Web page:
FIG. 19 is a vertical sectional view of a reflection-type photoelectric sensing apparatus according to this embodiment. FIG. 20 shows the entire configuration of the photoelectric sensing apparatus. FIGS. 21A-21C are a front view, a side view, and a top view of the photoelectric sensing apparatus. FIG. 22 is an exploded view of the photoelectric sensing apparatus. As shown in FIG. 20, the reflection-type photoelectric sensing apparatus consists of a head unit 201, an amplifier unit 202, and an optical fiber cable 203 and a connector 204 for connecting the units 201 and 202. The head unit 201 has an illuminating section for illuminating an object 205 to be detected, and light receiving sections for receiving resulting reflection light. The amplifier unit 202 has a light emitting element for emitting light to be supplied to the illuminating section, a signal processing circuit for judging the existence of the object 205 and its surface state such as glossiness, and a display section.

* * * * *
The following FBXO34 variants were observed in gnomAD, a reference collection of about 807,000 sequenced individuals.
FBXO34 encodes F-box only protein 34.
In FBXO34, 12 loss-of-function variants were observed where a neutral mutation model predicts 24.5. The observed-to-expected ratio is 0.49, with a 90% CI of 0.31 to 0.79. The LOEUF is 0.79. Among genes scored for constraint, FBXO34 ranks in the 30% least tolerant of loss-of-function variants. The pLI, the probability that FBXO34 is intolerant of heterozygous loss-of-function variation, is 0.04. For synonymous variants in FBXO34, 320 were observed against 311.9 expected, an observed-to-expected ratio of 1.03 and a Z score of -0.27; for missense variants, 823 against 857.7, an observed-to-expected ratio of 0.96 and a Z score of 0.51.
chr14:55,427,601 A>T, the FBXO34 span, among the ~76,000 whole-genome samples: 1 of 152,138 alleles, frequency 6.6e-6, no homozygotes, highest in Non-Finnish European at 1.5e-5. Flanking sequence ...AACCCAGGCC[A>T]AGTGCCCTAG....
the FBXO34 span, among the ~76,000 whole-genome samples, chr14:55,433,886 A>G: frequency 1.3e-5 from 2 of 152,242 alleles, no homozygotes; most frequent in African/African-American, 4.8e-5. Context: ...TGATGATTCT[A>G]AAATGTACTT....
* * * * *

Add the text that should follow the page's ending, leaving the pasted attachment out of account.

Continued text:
As shown in FIGS. 19 and 22, a case of the head unit 201 is composed of a base body 211 having an opening on one side and a cover body 212 for covering that opening. Light emitted from the light-emitting element such as a light-emitting diode (not shown) provided in the amplifier unit 202 is guided to the head unit 201 via an illuminating optical fiber 213 of the optical fiber cable 203. In the head unit 201, there are provided in the illumination light traveling direction a collimator lens 214 and a diffusing plate 215. An illuminating lens 216 and a polarizing filter 217 are disposed a given distance apart from the diffusing plate 215. S-polarization light or P-polarization light is applied from the illuminating lens 216 to an object detection area, resulting reflection light is separated by a polarizing beam splitter 218 in the receiving sections into two polarization components, which are input to a pair of light receiving sections. Polarizing filters 219 and 220 and receiving lenses 221 and 222 are provided in the respective light receiving sections. The P-polarization light and the S-polarization light are received by the respective photodetecting optical fibers 223 and 224.